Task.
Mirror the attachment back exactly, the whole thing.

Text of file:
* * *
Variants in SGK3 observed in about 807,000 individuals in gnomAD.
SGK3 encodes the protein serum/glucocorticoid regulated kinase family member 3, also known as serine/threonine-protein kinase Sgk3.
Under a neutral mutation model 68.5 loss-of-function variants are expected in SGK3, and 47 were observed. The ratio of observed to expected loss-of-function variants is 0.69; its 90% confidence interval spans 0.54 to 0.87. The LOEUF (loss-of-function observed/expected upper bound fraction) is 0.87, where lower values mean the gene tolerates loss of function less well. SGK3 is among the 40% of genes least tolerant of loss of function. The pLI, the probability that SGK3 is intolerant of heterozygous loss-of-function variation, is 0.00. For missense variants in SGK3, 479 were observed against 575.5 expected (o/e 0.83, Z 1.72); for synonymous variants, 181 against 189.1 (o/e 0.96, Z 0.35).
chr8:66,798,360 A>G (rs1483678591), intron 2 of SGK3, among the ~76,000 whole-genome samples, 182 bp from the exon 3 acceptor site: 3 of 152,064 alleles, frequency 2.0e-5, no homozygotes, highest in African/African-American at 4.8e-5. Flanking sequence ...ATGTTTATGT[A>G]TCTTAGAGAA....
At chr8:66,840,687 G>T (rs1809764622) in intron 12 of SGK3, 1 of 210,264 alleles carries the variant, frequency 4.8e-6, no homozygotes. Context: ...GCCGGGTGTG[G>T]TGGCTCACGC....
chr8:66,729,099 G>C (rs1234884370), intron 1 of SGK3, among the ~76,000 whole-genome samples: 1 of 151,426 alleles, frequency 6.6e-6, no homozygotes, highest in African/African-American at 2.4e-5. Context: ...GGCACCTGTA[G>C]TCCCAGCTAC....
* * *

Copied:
Variants in SGK3 observed in about 807,000 individuals in gnomAD.
SGK3 encodes the protein serum/glucocorticoid regulated kinase family member 3, also known as serine/threonine-protein kinase Sgk3.
Under a neutral mutation model 68.5 loss-of-function variants are expected in SGK3, and 47 were observed. The ratio of observed to expected loss-of-function variants is 0.69; its 90% confidence interval spans 0.54 to 0.87. The LOEUF (loss-of-function observed/expected upper bound fraction) is 0.87, where lower values mean the gene tolerates loss of function less well. SGK3 is among the 40% of genes least tolerant of loss of function. The pLI, the probability that SGK3 is intolerant of heterozygous loss-of-function variation, is 0.00. For missense variants in SGK3, 479 were observed against 575.5 expected (o/e 0.83, Z 1.72); for synonymous variants, 181 against 189.1 (o/e 0.96, Z 0.35).
chr8:66,798,360 A>G (rs1483678591), intron 2 of SGK3, among the ~76,000 whole-genome samples, 182 bp from the exon 3 acceptor site: 3 of 152,064 alleles, frequency 2.0e-5, no homozygotes, highest in African/African-American at 4.8e-5. Flanking sequence ...ATGTTTATGT[A>G]TCTTAGAGAA....
At chr8:66,840,687 G>T (rs1809764622) in intron 12 of SGK3, 1 of 210,264 alleles carries the variant, frequency 4.8e-6, no homozygotes. Context: ...GCCGGGTGTG[G>T]TGGCTCACGC....
chr8:66,729,099 G>C (rs1234884370), intron 1 of SGK3, among the ~76,000 whole-genome samples: 1 of 151,426 alleles, frequency 6.6e-6, no homozygotes, highest in African/African-American at 2.4e-5. Context: ...GGCACCTGTA[G>C]TCCCAGCTAC....